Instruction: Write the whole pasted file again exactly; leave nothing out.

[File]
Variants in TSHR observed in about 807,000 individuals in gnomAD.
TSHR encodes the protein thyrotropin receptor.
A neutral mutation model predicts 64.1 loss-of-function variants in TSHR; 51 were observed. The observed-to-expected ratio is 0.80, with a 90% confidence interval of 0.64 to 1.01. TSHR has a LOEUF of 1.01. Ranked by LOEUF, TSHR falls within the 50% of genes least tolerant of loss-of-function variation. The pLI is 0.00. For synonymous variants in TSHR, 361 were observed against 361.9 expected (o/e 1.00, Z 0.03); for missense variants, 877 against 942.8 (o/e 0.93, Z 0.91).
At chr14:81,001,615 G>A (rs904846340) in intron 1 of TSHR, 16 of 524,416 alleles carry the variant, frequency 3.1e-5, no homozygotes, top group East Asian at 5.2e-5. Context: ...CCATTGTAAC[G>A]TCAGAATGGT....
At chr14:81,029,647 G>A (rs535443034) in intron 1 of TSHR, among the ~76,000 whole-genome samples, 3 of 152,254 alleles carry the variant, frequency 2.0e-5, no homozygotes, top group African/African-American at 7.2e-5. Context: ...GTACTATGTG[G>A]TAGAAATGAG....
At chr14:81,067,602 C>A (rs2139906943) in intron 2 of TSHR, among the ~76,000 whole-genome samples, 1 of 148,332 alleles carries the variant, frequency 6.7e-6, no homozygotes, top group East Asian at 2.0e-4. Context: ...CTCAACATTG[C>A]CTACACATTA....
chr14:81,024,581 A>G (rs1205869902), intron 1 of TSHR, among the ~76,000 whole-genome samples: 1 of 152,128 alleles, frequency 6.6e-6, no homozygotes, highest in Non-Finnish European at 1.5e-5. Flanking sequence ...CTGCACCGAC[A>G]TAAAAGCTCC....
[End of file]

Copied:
Variants in TSHR observed in about 807,000 individuals in gnomAD.
TSHR encodes the protein thyrotropin receptor.
A neutral mutation model predicts 64.1 loss-of-function variants in TSHR; 51 were observed. The observed-to-expected ratio is 0.80, with a 90% confidence interval of 0.64 to 1.01. TSHR has a LOEUF of 1.01. Ranked by LOEUF, TSHR falls within the 50% of genes least tolerant of loss-of-function variation. The pLI is 0.00. For synonymous variants in TSHR, 361 were observed against 361.9 expected (o/e 1.00, Z 0.03); for missense variants, 877 against 942.8 (o/e 0.93, Z 0.91).
At chr14:81,001,615 G>A (rs904846340) in intron 1 of TSHR, 16 of 524,416 alleles carry the variant, frequency 3.1e-5, no homozygotes, top group East Asian at 5.2e-5. Context: ...CCATTGTAAC[G>A]TCAGAATGGT....
At chr14:81,029,647 G>A (rs535443034) in intron 1 of TSHR, among the ~76,000 whole-genome samples, 3 of 152,254 alleles carry the variant, frequency 2.0e-5, no homozygotes, top group African/African-American at 7.2e-5. Context: ...GTACTATGTG[G>A]TAGAAATGAG....
At chr14:81,067,602 C>A (rs2139906943) in intron 2 of TSHR, among the ~76,000 whole-genome samples, 1 of 148,332 alleles carries the variant, frequency 6.7e-6, no homozygotes, top group East Asian at 2.0e-4. Context: ...CTCAACATTG[C>A]CTACACATTA....
chr14:81,024,581 A>G (rs1205869902), intron 1 of TSHR, among the ~76,000 whole-genome samples: 1 of 152,128 alleles, frequency 6.6e-6, no homozygotes, highest in Non-Finnish European at 1.5e-5. Flanking sequence ...CTGCACCGAC[A>G]TAAAAGCTCC....